Feb 24 2012
By: PapaWarlock PlayStation MVP 11160 posts
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Uncharted: Golden Abyss

0 replies 212 views Edited Feb 24, 2012

Developer: SCE Bend Studio (with Naughty Dog oversight)

Publisher: SCE

Platform: PS Vita

Release: February 12, 2012

Genre: Adventure/3rd Person Shooter

Rating: Teen

Multiplayer: No, but has a Black Market mode that will allow you to trade items with other players.

Score: 8.75/10

Welcome to another grand adventure with Nathan Drake. There’s something about Mr. Drake that seems to attract trouble. Then again, it’s likely a side effect of his chosen profession of Treasure Hunting.

The events in Golden Abyss take place at some point prior to the events of Uncharted: Drake’s Fortune.  However this doesn’t mean it’s a direct prequel to Drake’s Fortune either.  Regardless of when it takes place, the story and game play for Golden Abyss is extraordinary.

Nathan is enticed by his friend Jason Dante to go on an expedition of sorts. As you progress beyond the basic tutorial chapter, you’re introduced to the mystery of a bizarre massacre of a Spanish expedition that took place over 400 years ago. Drake is caught up in the rivalry between his old friend Dante and Marisa Chase. Inevitably, Drake finds himself on the wrong side of a friendship.

The story in Golden Abyss is a pretty similar to the other stories in the Uncharted series, but not quite as great as the console titles. In a way the story has become almost cliched. You know there’s going to be witty banter, a few sparks between Nate and the female partner, and Drake’s going to learn that lasting loyalty is only given to treasure and gold. Once again you’re dealing with centuries dead Spanish and a jungle. Compared to Uncharted 2 and Uncharted 3 you have fewer locations to explore, but Sony Bend does make great use of the environment you have access to. This is not to say the story isn’t good, it is, but it’s not a great story.

Golden Abyss feels more like an adventure game in my opinion than the other Uncharted titles. In the 3 console titles, the treasure hunting aspect took a back seat to the story and game play. In Golden Abyss it feels that has been reversed. While there aren’t a huge number of treasures to find, there’s a lot more to find in Golden Abyss then that.

SCE Sony Bend makes pretty good use with the Vita’s unique features but at the same time some of those features feel more like they were included simply because the ability is there, rather than because it enhanced the game play. Such as the motion sensing ability of the Vita. It’s use is tacked on rather than used for innovation.

You can use the motion sensing aspect of the Vita to lean back for a jump or to swing back and forth on a vine, but that doesn’t really add anything to the game play. You will also come across a few points where you’ll have to teeter the Vita back and forth to maintain your balance or you’ll fall off and die. If you’re not careful that quickly becomes a frustrating game play aspect.

You also have the ability to use the touch screen to maneuver Drake along the handholds. Sony Bend also makes use of the back touch screen for shimmying up & down a ladder and to rotate some puzzle pieces while you clean them off with the touch screen.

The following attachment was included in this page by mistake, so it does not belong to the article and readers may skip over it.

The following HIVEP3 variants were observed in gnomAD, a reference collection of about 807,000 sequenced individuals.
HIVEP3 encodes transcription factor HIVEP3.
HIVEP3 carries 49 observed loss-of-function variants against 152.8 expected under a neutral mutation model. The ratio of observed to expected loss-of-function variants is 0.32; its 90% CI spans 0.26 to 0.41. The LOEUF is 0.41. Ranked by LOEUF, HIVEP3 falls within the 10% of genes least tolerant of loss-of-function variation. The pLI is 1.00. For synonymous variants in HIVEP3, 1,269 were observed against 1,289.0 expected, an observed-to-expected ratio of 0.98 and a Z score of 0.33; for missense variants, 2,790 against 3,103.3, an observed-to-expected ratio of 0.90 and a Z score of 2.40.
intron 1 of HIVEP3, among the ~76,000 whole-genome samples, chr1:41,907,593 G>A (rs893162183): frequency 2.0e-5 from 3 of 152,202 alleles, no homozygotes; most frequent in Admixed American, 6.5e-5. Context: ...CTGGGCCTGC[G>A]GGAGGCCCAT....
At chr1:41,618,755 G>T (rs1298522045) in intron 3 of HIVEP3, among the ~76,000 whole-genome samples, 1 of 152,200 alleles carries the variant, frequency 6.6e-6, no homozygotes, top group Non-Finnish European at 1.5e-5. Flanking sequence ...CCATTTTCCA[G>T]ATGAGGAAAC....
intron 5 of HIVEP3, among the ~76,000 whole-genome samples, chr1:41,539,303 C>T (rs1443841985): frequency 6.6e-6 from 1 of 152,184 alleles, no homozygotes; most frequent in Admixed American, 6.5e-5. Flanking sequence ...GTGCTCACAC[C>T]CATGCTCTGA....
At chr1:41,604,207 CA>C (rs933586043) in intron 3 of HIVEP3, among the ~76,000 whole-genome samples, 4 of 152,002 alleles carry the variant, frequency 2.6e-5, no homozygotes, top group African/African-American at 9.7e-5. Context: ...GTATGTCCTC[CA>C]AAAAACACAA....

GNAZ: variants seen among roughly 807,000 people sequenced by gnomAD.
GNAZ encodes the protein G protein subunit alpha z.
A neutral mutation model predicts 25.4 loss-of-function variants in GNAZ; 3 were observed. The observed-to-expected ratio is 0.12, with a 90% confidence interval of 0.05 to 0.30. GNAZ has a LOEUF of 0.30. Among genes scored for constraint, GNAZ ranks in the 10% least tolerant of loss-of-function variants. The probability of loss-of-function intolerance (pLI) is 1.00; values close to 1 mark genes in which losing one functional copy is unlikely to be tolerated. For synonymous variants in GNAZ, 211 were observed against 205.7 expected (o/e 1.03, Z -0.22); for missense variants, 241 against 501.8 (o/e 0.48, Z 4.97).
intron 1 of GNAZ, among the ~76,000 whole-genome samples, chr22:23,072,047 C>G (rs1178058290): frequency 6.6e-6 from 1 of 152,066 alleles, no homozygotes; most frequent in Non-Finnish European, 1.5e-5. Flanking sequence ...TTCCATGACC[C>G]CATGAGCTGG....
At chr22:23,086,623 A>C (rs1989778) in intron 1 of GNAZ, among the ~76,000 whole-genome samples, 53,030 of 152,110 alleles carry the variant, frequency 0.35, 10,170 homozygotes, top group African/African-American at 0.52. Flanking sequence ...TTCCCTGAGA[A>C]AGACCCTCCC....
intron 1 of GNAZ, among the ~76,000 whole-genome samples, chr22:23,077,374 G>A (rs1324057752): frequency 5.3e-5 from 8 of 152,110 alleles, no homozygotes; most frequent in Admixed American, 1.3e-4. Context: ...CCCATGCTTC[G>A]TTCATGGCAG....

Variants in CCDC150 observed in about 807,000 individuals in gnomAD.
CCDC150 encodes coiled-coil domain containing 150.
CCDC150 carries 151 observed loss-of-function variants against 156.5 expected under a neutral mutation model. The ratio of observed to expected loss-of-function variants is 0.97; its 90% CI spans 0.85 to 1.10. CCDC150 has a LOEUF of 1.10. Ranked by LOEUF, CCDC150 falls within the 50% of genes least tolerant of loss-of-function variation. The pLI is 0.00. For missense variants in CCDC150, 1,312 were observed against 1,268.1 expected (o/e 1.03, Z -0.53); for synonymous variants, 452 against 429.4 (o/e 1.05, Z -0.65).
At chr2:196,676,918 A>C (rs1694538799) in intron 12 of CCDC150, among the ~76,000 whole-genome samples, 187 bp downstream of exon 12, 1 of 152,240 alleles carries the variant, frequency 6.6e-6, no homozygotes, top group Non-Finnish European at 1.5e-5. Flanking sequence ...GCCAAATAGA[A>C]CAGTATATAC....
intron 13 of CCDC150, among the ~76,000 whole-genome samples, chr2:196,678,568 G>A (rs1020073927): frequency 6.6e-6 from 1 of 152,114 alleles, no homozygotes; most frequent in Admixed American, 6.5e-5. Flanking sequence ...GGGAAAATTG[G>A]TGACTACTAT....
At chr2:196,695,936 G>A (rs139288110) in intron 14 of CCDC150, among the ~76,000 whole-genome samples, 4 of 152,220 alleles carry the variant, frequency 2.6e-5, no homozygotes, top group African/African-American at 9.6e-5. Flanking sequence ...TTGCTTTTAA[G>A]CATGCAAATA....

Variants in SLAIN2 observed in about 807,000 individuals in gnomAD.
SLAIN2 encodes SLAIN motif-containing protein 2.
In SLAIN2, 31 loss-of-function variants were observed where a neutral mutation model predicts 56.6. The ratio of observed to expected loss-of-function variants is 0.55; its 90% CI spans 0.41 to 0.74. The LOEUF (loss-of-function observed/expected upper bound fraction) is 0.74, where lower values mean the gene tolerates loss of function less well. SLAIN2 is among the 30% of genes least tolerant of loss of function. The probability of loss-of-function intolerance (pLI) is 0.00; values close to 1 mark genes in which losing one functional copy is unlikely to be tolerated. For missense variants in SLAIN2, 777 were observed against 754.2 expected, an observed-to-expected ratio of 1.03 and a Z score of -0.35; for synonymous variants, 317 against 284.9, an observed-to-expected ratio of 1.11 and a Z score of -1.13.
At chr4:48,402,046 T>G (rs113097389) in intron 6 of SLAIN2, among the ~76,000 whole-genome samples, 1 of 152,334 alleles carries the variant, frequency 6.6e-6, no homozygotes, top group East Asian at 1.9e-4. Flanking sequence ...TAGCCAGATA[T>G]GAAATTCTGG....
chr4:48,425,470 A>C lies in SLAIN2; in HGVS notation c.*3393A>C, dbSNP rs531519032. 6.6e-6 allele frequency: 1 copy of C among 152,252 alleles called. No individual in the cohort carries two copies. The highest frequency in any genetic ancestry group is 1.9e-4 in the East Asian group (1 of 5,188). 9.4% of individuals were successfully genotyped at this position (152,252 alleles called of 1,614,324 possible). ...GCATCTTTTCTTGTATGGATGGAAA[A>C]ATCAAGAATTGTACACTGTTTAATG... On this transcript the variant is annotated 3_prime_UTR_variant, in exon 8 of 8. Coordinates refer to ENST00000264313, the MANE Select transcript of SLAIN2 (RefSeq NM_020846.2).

You get to make rubbings of certain statues and things to solve multiple puzzles. I really enjoyed that aspect, as well as rotating objects like a dial lock, helmet, amulet, paper; sometimes to piece together a puzzle, sometimes to view all the angles of an item (like a skull) or rotating them to clean them off.

Other than finding treasure, making charcoal rubbings and rotating items there are 2 more aspects to Golden Abyss’s game play. Chopping your way through stuff and taking pictures. In your quest for the treasure you will sometimes find something blocking your way. You’ll see the machete icon pop up on the left indicating you need to use it to progress. Using the machete requires you to use the touch screen to imitate a set of moves. When you’re successful, you’ll see Drake hack his way past the obstacle.

Finally we have the camera. You have to collect pictures in each area to help unlock the many secrets contained in Golden Abyss. You can also take random pictures for your journal if you just want to capture a really neat piece of scenery. I like how these game play aspects make me feel more like a part of the adventure.

Presentation: 9/10 Overall the game is well polished. Even with game play elements that felt tacked on, it was still an enjoyable experience. Story was good, but not great. Bit cliched. The character animation was well done via the motion capture.

Graphics: 10/10 Sony Bend did a great job with the graphics. In a way, they made a greater effort to make the game look beautiful than they did making sure none of the new game play aspects they added were more than side thoughts. I found a couple of great areas that made beautiful journal pictures (the ones that weren’t a part of unlocking one ‘secret’ or another.) I just wish I could have saved them directly to my Vita to share with friends.

Sound: 7/10 While the voice acting was on par with older games, the sound track wasn’t quite as noticeable as other games. It was nice, but not really memorable.

Game Play: 8.5/10 Sony Bend added a number of new features to Golden Abyss, but they added too many new aspects. As I mentioned earlier, at times they felt like they were tacked on, such as the motion sensing for keeping your balance or using the touch screen to navigate. You can easily ignore the motion sensing for the bulk of the game and not miss a thing game play wise.


     The use of the back touch pad added some nice touches to the game, like being able to rotate some items. The machete and camera were also great additions to the game play and help the player feel more like a part of the game.

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